Navy needs electro-optical situational
awareness aboard surface warships
BY John Keller
ARLINGTON, Va. — U.S. Navy researchers
are surveying industry to find companies able to blend coarse-resolution
and high-resolution electro-optical
imaging technologies for enhanced
wide-area situational awareness
aboard Navy surface warships.
Officials of the Office of Naval
Research in Arlington, Va., issued
a sources-sought notice (N00014-
17-RFI-0005) for the Panoramic
Imaging for Situational Awareness
and Target Recognition project.
Researchers are trying to blend
coarse- and high-resolution imagery from passive sensors such as
long-, mid-, and short-wave infrared (SWIR) detectors, perhaps even
passive millimeter wave technology,
to help ship crews quickly detect,
locate, and defend against surface
and airborne threats such as fast-at-tack boats and anti-ship missiles.
Navy experts not only are interested in blending coarse- and
high-resolution imagery, but also
in blending data from different
kinds of sensors to make the most
of target detection in clouds, dust,
fog, and rain.
For this project, Navy experts are
focusing on a field of view measuring 20 degrees below the horizon of
a surface ship, to 30 degrees above
the ship’s horizon. The object is to
make the most efficient use possible of sensors and signal-process-ing, yet still meet the Navy’s situa-tional-awareness requirements for
Today, the U.S. Navy uses two
different approaches to shipboard
situational awareness with electro-
optical sensors: medium resolution
and coarse resolution.
Medium resolution of around
80-microradian instantaneous field
of view imaging sensors can see to
50 degrees above the horizon, and
can provide 360-degree coverage.
Coarse-resolution sensors of around
100 to 200 microradian instantaneous field of view can work quickly
enough to detect fast-moving threats.
Cues from coast-resolution sensors can steer high-resolution sensors with narrow fields of view video-frame-rate imaging sensors to
help recognize, identify, track, and
gauge the intent of nearby threats.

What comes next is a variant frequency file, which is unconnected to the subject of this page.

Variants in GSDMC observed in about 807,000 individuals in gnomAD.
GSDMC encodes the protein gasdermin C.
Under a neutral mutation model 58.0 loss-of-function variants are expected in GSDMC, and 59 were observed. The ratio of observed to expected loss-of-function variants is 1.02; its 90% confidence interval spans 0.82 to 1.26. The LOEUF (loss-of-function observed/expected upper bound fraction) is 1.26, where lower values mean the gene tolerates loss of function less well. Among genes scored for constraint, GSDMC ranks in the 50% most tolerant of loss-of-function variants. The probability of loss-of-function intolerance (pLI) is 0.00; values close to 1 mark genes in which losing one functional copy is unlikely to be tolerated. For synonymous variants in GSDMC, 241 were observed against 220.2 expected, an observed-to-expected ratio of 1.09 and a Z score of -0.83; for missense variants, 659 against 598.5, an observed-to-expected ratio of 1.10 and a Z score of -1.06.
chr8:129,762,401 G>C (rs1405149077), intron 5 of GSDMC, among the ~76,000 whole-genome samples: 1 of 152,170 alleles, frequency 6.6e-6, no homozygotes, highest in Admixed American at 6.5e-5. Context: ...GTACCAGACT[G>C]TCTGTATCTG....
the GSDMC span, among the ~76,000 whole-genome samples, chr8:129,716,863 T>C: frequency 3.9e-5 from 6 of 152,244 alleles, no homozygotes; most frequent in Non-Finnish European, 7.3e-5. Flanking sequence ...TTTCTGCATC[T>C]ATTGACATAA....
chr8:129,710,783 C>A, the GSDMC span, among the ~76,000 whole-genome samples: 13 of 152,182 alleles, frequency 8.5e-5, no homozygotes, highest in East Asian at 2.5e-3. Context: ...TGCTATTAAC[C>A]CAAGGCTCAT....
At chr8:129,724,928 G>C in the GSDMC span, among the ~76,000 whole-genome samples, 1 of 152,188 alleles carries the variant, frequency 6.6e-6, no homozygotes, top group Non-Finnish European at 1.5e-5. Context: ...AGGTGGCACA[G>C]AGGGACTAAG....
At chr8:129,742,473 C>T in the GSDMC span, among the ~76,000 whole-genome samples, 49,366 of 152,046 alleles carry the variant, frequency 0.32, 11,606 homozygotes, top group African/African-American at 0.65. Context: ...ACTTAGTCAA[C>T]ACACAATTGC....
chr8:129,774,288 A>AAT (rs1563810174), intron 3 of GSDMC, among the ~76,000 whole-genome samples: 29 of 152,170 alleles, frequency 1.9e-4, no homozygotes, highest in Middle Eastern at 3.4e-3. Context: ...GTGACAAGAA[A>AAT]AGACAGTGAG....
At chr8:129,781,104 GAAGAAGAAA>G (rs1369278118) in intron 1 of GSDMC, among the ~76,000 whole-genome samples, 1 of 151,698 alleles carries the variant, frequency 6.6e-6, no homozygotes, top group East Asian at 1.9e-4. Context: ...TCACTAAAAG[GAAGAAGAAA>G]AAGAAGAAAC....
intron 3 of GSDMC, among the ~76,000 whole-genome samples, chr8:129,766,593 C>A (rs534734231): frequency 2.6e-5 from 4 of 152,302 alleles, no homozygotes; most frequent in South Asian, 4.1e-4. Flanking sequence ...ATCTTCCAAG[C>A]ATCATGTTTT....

Each has its drawbacks. Medium-resolution imaging sensors reduce
the revisit rate for detected targets,
can miss fast-moving targets, and
generate too many false alarms.
Coarse-resolution sensors maintain situational awareness at frame
rates fast enough to track fast-moving targets, deal with clutter, and
reduce false-alarm rates, yet are not
effective in the presence of targets
numbering in the tens or hundreds.
This approach also has latency
issues as the high-resolution imager
slews from one contact to another.
Instead, Navy researchers are
asking industry for unconventional
approaches, such as one that provides a coarse-resolution staring
mode for situational awareness,
while simultaneously under software control providing more than
100 regions that obtain high-resolution and video-frame-rate images.
These regions also should be able
to be steered dynamically without
mechanical motion to follow objects
By providing high resolution only
over regions of interest, such a sys-
tem will minimize the data transfer
bandwidth as well as size, weight,
power consumption, and cost
(SWaP-C) of the overall system.
This project also seeks to iden-
tify a family of imaging systems that
could handle the situational-aware-
ness needs of surface vessels ranging
in size from a patrol craft, a frigate, a
destroyer, and an aircraft carrier.
Navy researchers are looking for
information from industry that is
grounded in sound physical princi-
ples, and that is consistent with tech-
nology-development roadmaps in
optics, focal plane arrays, and image
processing hardware and algorithms.
E-mail responses in .pdf for-
mat no later than 6 Oct. 2017 to
the Navy’s Ravi Athale at ravindra.
email@example.com. Put “Panoramic
Imaging for Situational Awareness”
in the subject line. E-mail questions
or concerns to Ravi Athale at ravin-
MORE INFORMATION IS online at
The Navy is trying to blend coarse-resolution
and high-resolution imaging for enhanced
wide-area situational awareness aboard Navy